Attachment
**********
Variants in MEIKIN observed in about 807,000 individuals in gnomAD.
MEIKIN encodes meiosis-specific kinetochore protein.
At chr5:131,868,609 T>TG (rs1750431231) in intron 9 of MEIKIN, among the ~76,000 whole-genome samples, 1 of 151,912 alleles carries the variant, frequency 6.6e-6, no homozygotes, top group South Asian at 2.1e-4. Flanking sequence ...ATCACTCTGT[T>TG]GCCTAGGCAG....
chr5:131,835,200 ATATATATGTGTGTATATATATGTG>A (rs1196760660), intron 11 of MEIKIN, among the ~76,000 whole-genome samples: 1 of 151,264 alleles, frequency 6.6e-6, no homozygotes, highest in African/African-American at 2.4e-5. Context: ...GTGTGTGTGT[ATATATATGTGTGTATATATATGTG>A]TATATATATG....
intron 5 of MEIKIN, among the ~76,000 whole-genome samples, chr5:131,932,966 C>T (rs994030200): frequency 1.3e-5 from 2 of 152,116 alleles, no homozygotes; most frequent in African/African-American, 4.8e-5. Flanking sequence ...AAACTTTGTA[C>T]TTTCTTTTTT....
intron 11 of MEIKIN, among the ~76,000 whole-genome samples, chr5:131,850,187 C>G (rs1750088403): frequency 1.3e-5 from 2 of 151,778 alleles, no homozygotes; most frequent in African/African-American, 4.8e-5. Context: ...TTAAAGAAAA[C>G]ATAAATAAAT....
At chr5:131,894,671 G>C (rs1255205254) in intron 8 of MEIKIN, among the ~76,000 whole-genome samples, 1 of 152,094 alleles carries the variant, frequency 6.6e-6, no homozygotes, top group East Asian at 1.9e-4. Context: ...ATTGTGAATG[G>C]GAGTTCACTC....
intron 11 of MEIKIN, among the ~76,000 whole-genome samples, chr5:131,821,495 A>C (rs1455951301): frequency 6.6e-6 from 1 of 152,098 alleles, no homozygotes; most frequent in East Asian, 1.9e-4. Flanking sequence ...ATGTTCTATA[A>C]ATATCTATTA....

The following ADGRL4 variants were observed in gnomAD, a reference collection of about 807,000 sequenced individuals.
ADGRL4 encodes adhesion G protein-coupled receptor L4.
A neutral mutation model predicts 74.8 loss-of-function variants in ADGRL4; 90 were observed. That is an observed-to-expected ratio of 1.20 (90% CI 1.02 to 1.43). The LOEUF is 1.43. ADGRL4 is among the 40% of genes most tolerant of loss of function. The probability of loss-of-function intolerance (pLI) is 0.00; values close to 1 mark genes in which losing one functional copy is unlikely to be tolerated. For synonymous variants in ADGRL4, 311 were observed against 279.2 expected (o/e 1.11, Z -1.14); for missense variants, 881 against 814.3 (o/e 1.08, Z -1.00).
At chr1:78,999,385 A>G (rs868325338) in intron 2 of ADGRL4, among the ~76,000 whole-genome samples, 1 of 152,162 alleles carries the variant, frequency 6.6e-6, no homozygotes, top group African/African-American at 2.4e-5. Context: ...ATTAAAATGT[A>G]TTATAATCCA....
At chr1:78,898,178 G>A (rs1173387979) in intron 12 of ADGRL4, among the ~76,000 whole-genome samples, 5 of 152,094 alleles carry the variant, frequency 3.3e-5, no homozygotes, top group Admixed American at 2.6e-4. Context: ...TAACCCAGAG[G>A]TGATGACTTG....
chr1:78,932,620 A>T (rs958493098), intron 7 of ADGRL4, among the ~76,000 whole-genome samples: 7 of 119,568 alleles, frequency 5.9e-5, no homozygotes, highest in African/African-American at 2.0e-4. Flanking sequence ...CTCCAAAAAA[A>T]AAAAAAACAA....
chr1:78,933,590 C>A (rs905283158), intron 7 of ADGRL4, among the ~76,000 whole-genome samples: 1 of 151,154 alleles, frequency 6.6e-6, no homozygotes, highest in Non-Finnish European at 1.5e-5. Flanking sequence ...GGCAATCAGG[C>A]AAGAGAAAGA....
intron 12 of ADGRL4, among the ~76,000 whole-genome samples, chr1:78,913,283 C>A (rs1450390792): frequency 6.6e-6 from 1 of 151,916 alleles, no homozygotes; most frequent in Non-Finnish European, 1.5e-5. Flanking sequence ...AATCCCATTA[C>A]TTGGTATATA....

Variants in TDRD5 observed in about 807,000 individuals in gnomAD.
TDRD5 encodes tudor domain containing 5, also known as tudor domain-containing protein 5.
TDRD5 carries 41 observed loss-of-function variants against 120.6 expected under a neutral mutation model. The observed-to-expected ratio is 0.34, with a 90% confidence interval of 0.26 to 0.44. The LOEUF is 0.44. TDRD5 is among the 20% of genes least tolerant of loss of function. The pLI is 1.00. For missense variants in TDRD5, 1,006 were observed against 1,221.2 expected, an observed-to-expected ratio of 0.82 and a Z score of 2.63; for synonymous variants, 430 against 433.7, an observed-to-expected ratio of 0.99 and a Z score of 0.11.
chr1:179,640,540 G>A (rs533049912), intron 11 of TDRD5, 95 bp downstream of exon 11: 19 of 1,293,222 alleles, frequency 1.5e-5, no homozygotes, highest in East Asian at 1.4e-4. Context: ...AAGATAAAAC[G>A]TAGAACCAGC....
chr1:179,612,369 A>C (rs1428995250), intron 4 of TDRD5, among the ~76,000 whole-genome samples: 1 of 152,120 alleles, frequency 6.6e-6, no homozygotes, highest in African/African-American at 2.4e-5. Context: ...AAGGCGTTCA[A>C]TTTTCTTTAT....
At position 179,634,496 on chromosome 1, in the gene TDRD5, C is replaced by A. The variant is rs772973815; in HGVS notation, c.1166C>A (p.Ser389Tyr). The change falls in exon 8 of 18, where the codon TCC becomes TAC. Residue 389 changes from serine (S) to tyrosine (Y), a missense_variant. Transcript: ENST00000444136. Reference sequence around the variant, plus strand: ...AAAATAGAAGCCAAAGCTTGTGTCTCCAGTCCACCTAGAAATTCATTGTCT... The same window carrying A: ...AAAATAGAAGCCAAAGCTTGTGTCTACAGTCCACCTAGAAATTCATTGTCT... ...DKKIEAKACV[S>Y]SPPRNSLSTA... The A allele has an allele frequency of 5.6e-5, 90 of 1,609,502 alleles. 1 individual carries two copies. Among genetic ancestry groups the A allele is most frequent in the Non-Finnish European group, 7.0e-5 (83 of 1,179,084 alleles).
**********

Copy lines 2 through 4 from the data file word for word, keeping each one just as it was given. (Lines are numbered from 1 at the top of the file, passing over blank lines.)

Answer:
MEIKIN encodes meiosis-specific kinetochore protein.
At chr5:131,868,609 T>TG (rs1750431231) in intron 9 of MEIKIN, among the ~76,000 whole-genome samples, 1 of 151,912 alleles carries the variant, frequency 6.6e-6, no homozygotes, top group South Asian at 2.1e-4. Flanking sequence ...ATCACTCTGT[T>TG]GCCTAGGCAG....
chr5:131,835,200 ATATATATGTGTGTATATATATGTG>A (rs1196760660), intron 11 of MEIKIN, among the ~76,000 whole-genome samples: 1 of 151,264 alleles, frequency 6.6e-6, no homozygotes, highest in African/African-American at 2.4e-5. Context: ...GTGTGTGTGT[ATATATATGTGTGTATATATATGTG>A]TATATATATG....